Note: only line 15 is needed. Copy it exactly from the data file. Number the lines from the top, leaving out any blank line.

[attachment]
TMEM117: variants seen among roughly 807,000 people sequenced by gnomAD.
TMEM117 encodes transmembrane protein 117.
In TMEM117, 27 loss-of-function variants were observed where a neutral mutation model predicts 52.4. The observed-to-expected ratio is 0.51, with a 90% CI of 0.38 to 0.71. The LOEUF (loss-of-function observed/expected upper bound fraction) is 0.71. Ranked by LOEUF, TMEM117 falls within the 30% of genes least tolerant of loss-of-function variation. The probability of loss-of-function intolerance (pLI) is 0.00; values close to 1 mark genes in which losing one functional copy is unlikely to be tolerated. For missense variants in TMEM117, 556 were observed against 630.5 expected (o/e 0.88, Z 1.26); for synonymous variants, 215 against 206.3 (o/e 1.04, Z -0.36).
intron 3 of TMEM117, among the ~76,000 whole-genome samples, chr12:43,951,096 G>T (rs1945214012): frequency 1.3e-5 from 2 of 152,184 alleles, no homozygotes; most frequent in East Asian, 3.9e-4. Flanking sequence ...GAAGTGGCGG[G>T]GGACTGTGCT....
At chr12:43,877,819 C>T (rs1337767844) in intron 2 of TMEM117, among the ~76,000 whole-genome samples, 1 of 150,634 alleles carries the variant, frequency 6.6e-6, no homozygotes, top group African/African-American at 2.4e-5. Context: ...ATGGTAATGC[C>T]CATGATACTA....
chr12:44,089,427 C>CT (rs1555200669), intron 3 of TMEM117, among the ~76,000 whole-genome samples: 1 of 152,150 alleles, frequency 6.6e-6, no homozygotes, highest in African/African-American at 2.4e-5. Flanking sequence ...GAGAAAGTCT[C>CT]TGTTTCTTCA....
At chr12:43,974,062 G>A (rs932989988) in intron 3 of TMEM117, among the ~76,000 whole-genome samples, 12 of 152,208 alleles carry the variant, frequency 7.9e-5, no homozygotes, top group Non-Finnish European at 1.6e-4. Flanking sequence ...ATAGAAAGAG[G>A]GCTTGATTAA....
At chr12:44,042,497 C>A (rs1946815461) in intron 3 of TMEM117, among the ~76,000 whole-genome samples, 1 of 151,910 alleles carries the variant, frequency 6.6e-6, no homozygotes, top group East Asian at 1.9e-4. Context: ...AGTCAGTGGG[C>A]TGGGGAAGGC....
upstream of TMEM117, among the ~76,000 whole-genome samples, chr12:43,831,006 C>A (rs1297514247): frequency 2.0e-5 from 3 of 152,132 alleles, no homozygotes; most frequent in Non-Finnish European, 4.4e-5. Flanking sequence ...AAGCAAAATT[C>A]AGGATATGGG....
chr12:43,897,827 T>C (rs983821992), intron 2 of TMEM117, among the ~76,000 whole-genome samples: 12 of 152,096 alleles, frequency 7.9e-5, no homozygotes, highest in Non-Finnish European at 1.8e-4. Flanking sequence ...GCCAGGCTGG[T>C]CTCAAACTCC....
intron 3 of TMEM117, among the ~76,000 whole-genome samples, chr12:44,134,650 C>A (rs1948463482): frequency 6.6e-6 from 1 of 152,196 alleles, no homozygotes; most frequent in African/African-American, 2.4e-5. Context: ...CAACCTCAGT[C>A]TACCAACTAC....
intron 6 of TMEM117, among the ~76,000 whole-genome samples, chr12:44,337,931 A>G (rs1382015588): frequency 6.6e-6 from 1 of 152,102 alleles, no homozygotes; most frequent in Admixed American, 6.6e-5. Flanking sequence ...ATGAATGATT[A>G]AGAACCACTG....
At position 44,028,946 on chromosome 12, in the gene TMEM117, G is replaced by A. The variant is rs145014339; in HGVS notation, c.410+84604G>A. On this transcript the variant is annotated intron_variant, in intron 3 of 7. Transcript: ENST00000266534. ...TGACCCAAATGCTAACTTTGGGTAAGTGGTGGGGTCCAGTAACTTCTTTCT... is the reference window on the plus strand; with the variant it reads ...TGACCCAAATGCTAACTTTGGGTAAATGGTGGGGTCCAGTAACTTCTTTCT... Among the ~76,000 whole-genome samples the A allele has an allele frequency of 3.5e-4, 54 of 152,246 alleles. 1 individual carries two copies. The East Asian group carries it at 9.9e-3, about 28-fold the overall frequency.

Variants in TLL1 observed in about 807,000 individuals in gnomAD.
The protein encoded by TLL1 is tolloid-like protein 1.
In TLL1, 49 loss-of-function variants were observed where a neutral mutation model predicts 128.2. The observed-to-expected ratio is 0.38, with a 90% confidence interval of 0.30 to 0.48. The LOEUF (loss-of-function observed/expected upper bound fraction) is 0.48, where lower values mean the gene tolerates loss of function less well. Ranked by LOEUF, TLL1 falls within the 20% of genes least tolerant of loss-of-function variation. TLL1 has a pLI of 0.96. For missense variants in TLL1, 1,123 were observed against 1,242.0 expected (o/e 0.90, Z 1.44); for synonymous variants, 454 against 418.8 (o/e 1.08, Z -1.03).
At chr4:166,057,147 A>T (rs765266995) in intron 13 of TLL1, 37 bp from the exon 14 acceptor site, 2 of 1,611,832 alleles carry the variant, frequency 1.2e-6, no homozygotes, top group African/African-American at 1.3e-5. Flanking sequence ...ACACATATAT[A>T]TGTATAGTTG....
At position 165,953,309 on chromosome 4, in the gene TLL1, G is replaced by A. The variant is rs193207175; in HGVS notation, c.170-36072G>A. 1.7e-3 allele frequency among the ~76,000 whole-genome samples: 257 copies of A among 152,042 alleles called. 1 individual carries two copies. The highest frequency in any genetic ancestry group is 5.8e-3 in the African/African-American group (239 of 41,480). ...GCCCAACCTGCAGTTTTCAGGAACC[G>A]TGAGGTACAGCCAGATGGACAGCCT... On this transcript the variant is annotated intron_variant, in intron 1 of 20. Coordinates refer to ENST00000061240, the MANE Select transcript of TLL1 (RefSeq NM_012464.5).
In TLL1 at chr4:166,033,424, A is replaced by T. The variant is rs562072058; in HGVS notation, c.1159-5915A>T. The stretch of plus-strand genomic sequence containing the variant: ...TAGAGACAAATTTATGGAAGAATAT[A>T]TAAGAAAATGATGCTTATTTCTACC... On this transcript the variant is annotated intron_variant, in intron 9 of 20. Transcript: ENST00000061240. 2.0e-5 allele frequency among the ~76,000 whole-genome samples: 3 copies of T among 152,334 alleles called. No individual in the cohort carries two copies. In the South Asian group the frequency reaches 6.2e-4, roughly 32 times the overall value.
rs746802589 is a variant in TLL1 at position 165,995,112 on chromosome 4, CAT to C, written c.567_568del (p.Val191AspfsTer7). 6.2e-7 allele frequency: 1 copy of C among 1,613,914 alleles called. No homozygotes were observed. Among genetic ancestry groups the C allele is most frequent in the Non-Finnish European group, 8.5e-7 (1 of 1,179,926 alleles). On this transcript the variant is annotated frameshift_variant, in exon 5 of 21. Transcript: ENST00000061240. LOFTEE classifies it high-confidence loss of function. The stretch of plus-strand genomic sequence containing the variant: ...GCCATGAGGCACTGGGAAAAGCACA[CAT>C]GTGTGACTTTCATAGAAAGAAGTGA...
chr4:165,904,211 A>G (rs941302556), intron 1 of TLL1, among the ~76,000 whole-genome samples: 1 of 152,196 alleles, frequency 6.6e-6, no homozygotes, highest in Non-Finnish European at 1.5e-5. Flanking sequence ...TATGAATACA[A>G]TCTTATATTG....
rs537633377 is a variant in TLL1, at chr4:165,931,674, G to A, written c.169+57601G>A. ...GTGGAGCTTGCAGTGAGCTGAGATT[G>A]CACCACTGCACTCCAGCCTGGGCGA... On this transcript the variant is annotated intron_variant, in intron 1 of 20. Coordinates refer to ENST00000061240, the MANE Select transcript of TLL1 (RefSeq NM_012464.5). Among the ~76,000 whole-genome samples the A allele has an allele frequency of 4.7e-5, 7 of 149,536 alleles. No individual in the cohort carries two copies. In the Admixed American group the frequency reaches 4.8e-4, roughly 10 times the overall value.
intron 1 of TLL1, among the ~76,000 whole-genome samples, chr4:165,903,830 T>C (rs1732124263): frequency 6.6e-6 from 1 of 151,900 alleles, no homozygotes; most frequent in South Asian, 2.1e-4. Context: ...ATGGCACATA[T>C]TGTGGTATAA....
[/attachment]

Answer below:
The protein encoded by TLL1 is tolloid-like protein 1.